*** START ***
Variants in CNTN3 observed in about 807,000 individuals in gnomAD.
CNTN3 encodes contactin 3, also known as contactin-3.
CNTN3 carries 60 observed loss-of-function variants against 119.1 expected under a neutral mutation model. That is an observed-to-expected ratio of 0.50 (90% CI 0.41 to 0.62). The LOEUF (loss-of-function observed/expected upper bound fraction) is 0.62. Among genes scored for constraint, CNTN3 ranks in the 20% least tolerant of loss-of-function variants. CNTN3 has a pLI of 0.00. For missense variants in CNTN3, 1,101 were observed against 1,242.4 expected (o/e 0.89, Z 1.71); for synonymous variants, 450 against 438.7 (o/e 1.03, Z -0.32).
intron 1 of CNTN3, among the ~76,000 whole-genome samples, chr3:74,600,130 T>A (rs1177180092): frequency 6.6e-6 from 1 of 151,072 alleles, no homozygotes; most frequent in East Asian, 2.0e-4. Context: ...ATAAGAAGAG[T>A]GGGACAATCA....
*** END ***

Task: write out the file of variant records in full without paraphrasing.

Variants in CNTN3 observed in about 807,000 individuals in gnomAD.
CNTN3 encodes contactin 3, also known as contactin-3.
CNTN3 carries 60 observed loss-of-function variants against 119.1 expected under a neutral mutation model. That is an observed-to-expected ratio of 0.50 (90% CI 0.41 to 0.62). The LOEUF (loss-of-function observed/expected upper bound fraction) is 0.62. Among genes scored for constraint, CNTN3 ranks in the 20% least tolerant of loss-of-function variants. CNTN3 has a pLI of 0.00. For missense variants in CNTN3, 1,101 were observed against 1,242.4 expected (o/e 0.89, Z 1.71); for synonymous variants, 450 against 438.7 (o/e 1.03, Z -0.32).
intron 1 of CNTN3, among the ~76,000 whole-genome samples, chr3:74,600,130 T>A (rs1177180092): frequency 6.6e-6 from 1 of 151,072 alleles, no homozygotes; most frequent in East Asian, 2.0e-4. Context: ...ATAAGAAGAG[T>A]GGGACAATCA....